BOISE — An eastern Idaho school district superintendent renewed his concerns about the state-required Idaho Core Standards at a Wednesday meeting updating implementation progress on the 20 recommendations from the governor’s Task Force for Improving Education.
Madison School District Superintendent Geoffrey Thomas noted during a question-and-answer session at Boise State University that he was the lone task force opponent of the Idaho Core Standards, commonly referred to as Common Core.
“I’m concerned that the intention behind Common Core since its inception was to wed to a high-stakes assessment,” said Thomas, the 2015 Idaho Superintendent of the Year.
Thomas said the Idaho Core Standards result in “test-centric education,” and asserted that the education requirement leads to “profiteering, while it bankrupts a child’s educational experience.”
Thomas said the federal government “wants to drive education,” and “Common Core comes terribly close to having direct federal intervention” into in-state education systems.
After Thomas’ remarks, Idaho Republican Gov. C.L. “Butch” defended the Common Core standards, saying their origin was with U.S. state governors, not the federal government.
“Any residual belief that this was a federal program should be dispelled,” said Otter, who praised the work of the task force on its 20 recommendations, some of which have been funded by the Idaho Legislature. The governor later added: “Any lingering idea out there that this was a federally sponsored, or the genesis of this came out of the federal Department of Education, is wrong, is simply wrong. The governors themselves got together and said, ‘We need to do something.’”
The education task force was the brainchild of Otter and former Idaho Superintendent of Public Instruction Tom Luna.
“I can’t thank you enough, because I’ll tell you, this has exceeded my expectations,” Otter told the task force.
The governor said the first year’s worth of recommendations implemented in Idaho’s five-year plan was reflected in a 7.4 percent K-12 spending increase for the current school year.
Continuing to defend Idaho Core Standards, Otter allowed only that some cash-strapped U.S. states opted to use federal “Race to the Top” funding in recent years to pay for Common Core standard programs.
“There was no dictum,” the governor said. “There was no memorandum that you will use this money and this is what you’ll do with it, other than improving your education. But no direction.”
Thomas stated that the Idaho Core Standards were derived from the “No Child Left Behind” education program proposed by former U.S. Republican President George W. Bush.
Otter added: “This (Common Core) was a creation of the states. If (former U.S. Democratic President) Jimmy Carter would’ve left us alone, we would still be running our own education system to the extent that I believe we all should.”
But Thomas said a kindergarten teacher in one case, following Idaho Core Standards directives, was teaching parts of speech, including adverbs.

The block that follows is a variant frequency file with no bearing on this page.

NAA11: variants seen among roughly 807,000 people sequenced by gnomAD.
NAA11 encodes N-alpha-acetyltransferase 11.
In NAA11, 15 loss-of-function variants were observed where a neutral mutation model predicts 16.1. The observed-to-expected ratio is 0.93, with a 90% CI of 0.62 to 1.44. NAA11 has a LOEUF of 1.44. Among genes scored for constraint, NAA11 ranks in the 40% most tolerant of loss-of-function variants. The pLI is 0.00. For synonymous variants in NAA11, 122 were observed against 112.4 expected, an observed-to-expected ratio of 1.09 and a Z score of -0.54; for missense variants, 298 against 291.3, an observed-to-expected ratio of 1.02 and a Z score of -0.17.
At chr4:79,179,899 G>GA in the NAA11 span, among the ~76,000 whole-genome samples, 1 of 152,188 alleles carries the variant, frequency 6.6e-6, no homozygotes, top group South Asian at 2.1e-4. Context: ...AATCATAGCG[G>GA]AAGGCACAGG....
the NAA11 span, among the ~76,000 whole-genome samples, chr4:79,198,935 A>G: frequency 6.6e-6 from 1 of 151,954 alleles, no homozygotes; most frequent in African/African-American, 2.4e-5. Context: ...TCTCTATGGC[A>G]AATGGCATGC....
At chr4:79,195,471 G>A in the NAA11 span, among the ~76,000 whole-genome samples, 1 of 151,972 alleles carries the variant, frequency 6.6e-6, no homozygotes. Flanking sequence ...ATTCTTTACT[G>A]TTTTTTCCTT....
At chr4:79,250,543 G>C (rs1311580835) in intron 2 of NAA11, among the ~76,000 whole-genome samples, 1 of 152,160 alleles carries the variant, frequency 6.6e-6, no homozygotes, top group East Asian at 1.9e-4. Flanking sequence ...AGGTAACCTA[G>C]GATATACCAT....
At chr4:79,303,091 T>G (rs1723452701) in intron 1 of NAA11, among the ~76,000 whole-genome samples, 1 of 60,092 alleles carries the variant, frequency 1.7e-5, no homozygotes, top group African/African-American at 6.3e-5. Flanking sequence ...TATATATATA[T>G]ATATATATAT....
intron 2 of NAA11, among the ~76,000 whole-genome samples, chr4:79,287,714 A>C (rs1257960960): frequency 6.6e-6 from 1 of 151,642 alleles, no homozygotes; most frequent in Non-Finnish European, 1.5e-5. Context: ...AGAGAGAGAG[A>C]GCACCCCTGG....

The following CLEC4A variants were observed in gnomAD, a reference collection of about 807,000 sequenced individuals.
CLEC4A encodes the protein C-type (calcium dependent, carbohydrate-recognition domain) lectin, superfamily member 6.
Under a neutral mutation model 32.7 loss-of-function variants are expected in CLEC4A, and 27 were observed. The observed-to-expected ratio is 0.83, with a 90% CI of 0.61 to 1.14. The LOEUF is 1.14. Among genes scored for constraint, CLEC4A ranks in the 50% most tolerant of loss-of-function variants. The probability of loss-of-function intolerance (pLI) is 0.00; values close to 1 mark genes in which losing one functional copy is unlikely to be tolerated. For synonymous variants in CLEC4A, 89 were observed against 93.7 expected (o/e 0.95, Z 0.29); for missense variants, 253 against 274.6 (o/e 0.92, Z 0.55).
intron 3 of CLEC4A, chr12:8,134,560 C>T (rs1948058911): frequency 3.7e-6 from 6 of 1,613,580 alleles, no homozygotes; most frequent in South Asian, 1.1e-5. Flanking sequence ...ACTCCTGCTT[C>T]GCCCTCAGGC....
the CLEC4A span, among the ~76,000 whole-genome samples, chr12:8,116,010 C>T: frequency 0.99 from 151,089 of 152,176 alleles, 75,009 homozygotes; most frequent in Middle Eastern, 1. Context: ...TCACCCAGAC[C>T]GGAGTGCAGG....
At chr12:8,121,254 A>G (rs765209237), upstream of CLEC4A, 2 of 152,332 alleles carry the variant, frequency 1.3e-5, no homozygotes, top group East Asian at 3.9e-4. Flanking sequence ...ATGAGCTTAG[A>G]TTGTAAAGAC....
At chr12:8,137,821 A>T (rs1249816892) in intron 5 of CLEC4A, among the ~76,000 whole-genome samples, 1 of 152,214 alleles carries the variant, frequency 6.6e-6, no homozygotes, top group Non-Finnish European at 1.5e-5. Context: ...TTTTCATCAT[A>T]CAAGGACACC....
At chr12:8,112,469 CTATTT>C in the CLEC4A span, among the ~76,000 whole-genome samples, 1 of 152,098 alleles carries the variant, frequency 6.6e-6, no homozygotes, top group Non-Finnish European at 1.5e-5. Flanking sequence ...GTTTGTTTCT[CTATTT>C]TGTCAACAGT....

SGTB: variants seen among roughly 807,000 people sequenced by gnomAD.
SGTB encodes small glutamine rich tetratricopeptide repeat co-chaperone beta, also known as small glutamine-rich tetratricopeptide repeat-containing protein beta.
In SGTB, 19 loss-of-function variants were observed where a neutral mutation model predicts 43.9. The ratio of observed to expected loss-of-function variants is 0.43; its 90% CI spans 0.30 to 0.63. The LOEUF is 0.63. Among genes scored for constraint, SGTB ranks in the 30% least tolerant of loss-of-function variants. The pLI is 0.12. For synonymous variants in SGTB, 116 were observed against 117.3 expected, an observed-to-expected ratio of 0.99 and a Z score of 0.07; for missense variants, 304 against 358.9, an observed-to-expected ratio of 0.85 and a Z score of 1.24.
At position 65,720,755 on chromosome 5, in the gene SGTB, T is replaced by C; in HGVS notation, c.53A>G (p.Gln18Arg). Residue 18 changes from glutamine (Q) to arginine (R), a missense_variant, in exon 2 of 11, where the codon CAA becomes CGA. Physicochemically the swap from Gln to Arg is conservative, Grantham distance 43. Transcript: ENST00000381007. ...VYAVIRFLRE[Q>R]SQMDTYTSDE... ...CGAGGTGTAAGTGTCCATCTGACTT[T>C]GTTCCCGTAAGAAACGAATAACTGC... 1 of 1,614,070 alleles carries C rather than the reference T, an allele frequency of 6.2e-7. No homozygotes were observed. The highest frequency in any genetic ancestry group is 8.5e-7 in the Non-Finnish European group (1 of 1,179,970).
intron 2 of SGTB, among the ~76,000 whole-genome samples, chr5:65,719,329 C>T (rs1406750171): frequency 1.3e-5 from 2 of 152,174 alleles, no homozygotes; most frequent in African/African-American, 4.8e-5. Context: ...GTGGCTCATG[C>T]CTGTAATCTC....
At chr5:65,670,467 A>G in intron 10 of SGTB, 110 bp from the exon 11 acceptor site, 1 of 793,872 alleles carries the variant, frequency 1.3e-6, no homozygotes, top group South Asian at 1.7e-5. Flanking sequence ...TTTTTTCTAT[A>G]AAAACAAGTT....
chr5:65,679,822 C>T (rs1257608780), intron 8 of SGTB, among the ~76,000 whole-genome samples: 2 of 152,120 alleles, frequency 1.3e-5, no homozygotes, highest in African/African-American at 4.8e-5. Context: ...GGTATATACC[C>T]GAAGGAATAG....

“Are you kidding?” Thomas said. “What are we doing here? It’s really concerning.”
“Common Core fails miserably in the younger grades by not understanding their cognitive development,” Thomas said.
Otter praised the task force’s overall work, saying that it “crossed party lines” and maintained that it “crossed liberal-conservative lines in the support of the 20 recommendations.” Alluding to Thomas’ opposition to Idaho Common Core, Otter in his speech noted that 19 of the 20 recommendations “had complete consensus” among task force members.
The governor also lauded the task force for what he indicated is its far-sighted approach.
“You’re to be congratulated, because that’s the first time I’ve seen a five-year plan for education,” Otter said.
Preston’s Richard Westerberg, the task force chairman and State Board of Education member, enumerated the task force’s 20 recommendations during a formal progress report in which he acknowledged in conclusion that “there’s still a lot of work to be done here” in implementing the recommendations.
“I guess I was a little bit surprised when the recommendations came out and how much kind of broad acceptance there were of the recommendations, not just from the Legislature but from education stakeholders across the state,” Westerberg said.
Westerberg noted that an expansion of bandwidth for statewide computer access for the schools would “require ongoing funding,” to fund the costs of the repair and replacement of computer equipment.
“This is a work in progress,” Westerberg said. “A legislative interim committee is evaluating solutions and will make recommendations to the governor and Legislature,” for the 2017 state budget starting July 1, 2016.
“We got some pretty good feedback from the task force members,” Westerberg said in a post-meeting interview. “They got a chance to hear from the governor. I think the governor articulated his vision real well and his support for education, so I thought it was all pretty positive.”
Westerberg said the “no” vote by Madison superintendent Thomas on the Idaho Core Standards recommendation was the only dissenting task force vote on the 20 recommendations.
“He has his opinion — I don’t agree with it,” Westerberg said of Thomas’ opposition to Idaho Core Standards. “The classroom teachers I have talked about that are using (Idaho) Core Standards are very supportive and feel like it’s helping.”
Westerberg said he expects the most challenging recommendation for implementation to be the “Mastery-based System” requiring student mastery of content for advancement “rather than seat time requirements.”
“There has been just beginning of the work done on how you implement mastery in the classroom, so the student moves at his own pace, not necessarily on a seat-time basis,” Westerberg said. “That’s a pretty intricate proposition that’ll require a fair amount of work and a whole bunch of pilot projects, I suspect.”